Training for Babylon staff at the British Museum
One of the recommendations of John Curtis’ report about Babylon had been that the British Museum should offer training to three Iraqi colleagues from Babylon. As a result, Dr Maryam Umran Musah, Mr Haidar Abdul Wahid Urebi and Mr Raad Hamed Al-Amari came to the Museum from 30 March until27 May 2005, funded by the Department for Culture Media and Sport.
Under the direction of Sarah Collins the Museum organised a variety of courses, visits and talks with particular reference to site assessment and management, in association with the World Monuments Fund, English Heritage and the Institute of Archaeology.
Report on the training for Babylon staff at the British Museum
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International Curatorial Training Programme at the British Museum
The British Museum runs an annual programme providing training for curators principally from the Middle East, China and Africa.
During the five-week course, participants train in all aspects of museum work including security, conservation, scientific research, organizing loans, the collections database, photography, learning and interpretation, and information technology, and make regular visits to the department that is hosting their visit.
Two Iraqi museum curators, Mehdi Ali Rahim and Ibrahim Hasan Faraj, joined the International Curatorial Training Programme.
Report on curatorial training for Iraq Museum staff
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June – July 2007
Dr. Khalid Ismael, Head of Cuneiform Studies at Mosul University joined the Training Programme (he was the first “Linda Noe Laine Fellow”)
John Curtis has attended all UNESCO conferences in his capacity as UK representative on the IC Group (those mentioned, plus Tokyo (31/7/03–2/8/03), Paris (22/6/05–23/6/05) and Berlin (22/11/05) and other major conferences in New York (6/5/03), Bonn (26/5/03) and Brussels (4/12/03–5/12/03).
Combating the illicit trade in Iraqi antiquities
Irving Finkel has been active in attempts to combat the illicit trade in Iraqi antiquities. This has involved working closely with Vernon Rapley of the Art and Antiquities Unit at Scotland Yard and with HM Customs.
The work has included lecturing to policemen from forces around Britain and organising in 2004 workshops in the British Museum for customs officers from around the UK. Some 60 officers attended. They were given a series of introductory talks by British Museum curators, as well as gallery visits and the opportunity to handle and examine classic material of the type that could be expected to surface at ports and airports – such as cuneiform tablets, cylinder seals and Aramaic magic bowls.
Interpol Experts Group
Since 2003 Irving Finkel has been a member of the small Interpol Experts Group (IEG) on Stolen Cultural Property, which has met annually at Interpol Headquarters in Lyon, with responsibility for Iraqi and other material. The group consists of the heads of international police forces, FBI agents, representatives of ICOM and UNESCO and other highly-placed individuals. It serves to pool information and initiatives, focus attention on shared expertise and electronic resources, and issue recommendations for priorities and action that is disseminated throughout the world’s Interpol stations and elsewhere.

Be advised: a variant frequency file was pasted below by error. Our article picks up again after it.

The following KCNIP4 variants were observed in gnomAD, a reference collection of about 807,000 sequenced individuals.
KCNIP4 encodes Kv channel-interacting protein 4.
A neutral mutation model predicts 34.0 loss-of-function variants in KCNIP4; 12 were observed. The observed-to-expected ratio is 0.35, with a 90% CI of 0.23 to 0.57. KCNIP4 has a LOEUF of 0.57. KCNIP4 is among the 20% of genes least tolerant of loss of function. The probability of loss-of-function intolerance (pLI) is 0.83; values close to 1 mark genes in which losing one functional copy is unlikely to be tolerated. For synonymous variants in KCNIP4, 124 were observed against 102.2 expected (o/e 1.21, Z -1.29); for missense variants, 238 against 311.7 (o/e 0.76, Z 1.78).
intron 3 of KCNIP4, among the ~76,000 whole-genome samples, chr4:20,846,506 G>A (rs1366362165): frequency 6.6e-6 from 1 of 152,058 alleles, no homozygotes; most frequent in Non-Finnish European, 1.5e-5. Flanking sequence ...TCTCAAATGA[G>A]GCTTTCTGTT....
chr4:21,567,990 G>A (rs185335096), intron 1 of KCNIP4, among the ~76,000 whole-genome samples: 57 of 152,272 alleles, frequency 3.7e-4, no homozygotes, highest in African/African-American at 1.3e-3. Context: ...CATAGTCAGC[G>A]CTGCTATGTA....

At the 17 February 2004 meeting there was a report by the General Secretariat of Interpol, and discussions of national and international activities that are in place. Emphasis was placed on unified and systematic listing of stolen cultural property. Gruesome footage was shown of contemporary site robbing in Iraq, and after a discussion of future strategy certain proposals were recommended for adoption.
In general the work by Interpol concerning the illegal traffic in antiquities can be accessed on www.interpol.int/.
Various curators in the British Museum, particularly John Curtis and Sarah Collins, have delivered gallery talks and lectures on the state of the Iraqi cultural heritage, given television, radio and press interviews, and advised some of the many people who are now researching the whole question of damage to the Iraqi cultural heritage.
A new protocol with the Iraqi State Board of Antiquities and Heritage
Following a lecture at the British Museum on 16 November 2006 by Dr Donny George on ‘Iraq and Archaeology’, there was a discussion with his successor as Chairman of the State Board of Antiquities and Heritage, Dr Abbas Ali Abbas al-Hussainy. After this discussion, Neil MacGregor announced that an 8-point protocol had been agreed, outlining the range of assistance that the British Museum would attempt to provide to the Iraqi SBAH.
- To receive two Iraqi curators every year on the British Museum’s curatorial training programme.
- In partnership with the Iraqi Embassy in London, Scotland Yard, and the SBAH, to help with the identification and repatriation of looted Iraqi antiquities.
- To help with the conservation of objects in the Iraq Museum, particularly ivories.
- To supply copies of British Museum books to the Iraq Museum library and to Al-Qadissiya University.
- To provide help and advice with the restoration of provincial museums in Iraq, particularly Diwaniya, Nasiriya, Nejev and Mosul.
- To encourage the establishment of an international museum in Baghdad.
- To advise on the creation of a “mobile museum” outside Iraq.
- To collaborate on setting up a Samarra database
Lecture by Dr Abbas al-Hussainy on 7 June 2007
After an introduction by Neil MacGregor, and a short presentation by John Curtis mainly on his recent visit to Ur, Dr Abbas Ali Abbas al-Hussainy, Chairman of the State Board of Antiquities and Heritage in Iraq, was invited to deliver his lecture.